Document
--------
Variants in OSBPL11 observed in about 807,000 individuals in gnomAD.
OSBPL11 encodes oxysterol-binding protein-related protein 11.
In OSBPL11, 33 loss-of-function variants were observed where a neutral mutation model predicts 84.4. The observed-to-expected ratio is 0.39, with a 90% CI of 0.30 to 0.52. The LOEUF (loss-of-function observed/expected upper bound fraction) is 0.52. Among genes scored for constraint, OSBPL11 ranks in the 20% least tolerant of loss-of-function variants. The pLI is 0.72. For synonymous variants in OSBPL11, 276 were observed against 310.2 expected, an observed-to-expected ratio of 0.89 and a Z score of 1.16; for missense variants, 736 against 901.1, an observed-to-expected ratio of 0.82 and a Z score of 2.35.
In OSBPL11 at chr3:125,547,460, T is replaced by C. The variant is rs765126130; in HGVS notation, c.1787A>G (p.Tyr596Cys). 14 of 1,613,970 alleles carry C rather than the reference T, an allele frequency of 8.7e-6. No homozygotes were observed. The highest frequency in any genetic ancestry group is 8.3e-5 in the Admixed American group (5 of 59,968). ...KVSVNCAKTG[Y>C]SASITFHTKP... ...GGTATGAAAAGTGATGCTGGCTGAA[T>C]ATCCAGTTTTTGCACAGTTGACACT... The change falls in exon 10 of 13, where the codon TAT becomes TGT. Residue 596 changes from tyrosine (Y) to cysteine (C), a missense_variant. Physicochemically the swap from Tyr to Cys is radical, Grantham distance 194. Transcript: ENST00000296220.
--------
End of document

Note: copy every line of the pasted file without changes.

Variants in OSBPL11 observed in about 807,000 individuals in gnomAD.
OSBPL11 encodes oxysterol-binding protein-related protein 11.
In OSBPL11, 33 loss-of-function variants were observed where a neutral mutation model predicts 84.4. The observed-to-expected ratio is 0.39, with a 90% CI of 0.30 to 0.52. The LOEUF (loss-of-function observed/expected upper bound fraction) is 0.52. Among genes scored for constraint, OSBPL11 ranks in the 20% least tolerant of loss-of-function variants. The pLI is 0.72. For synonymous variants in OSBPL11, 276 were observed against 310.2 expected, an observed-to-expected ratio of 0.89 and a Z score of 1.16; for missense variants, 736 against 901.1, an observed-to-expected ratio of 0.82 and a Z score of 2.35.
In OSBPL11 at chr3:125,547,460, T is replaced by C. The variant is rs765126130; in HGVS notation, c.1787A>G (p.Tyr596Cys). 14 of 1,613,970 alleles carry C rather than the reference T, an allele frequency of 8.7e-6. No homozygotes were observed. The highest frequency in any genetic ancestry group is 8.3e-5 in the Admixed American group (5 of 59,968). ...KVSVNCAKTG[Y>C]SASITFHTKP... ...GGTATGAAAAGTGATGCTGGCTGAA[T>C]ATCCAGTTTTTGCACAGTTGACACT... The change falls in exon 10 of 13, where the codon TAT becomes TGT. Residue 596 changes from tyrosine (Y) to cysteine (C), a missense_variant. Physicochemically the swap from Tyr to Cys is radical, Grantham distance 194. Transcript: ENST00000296220.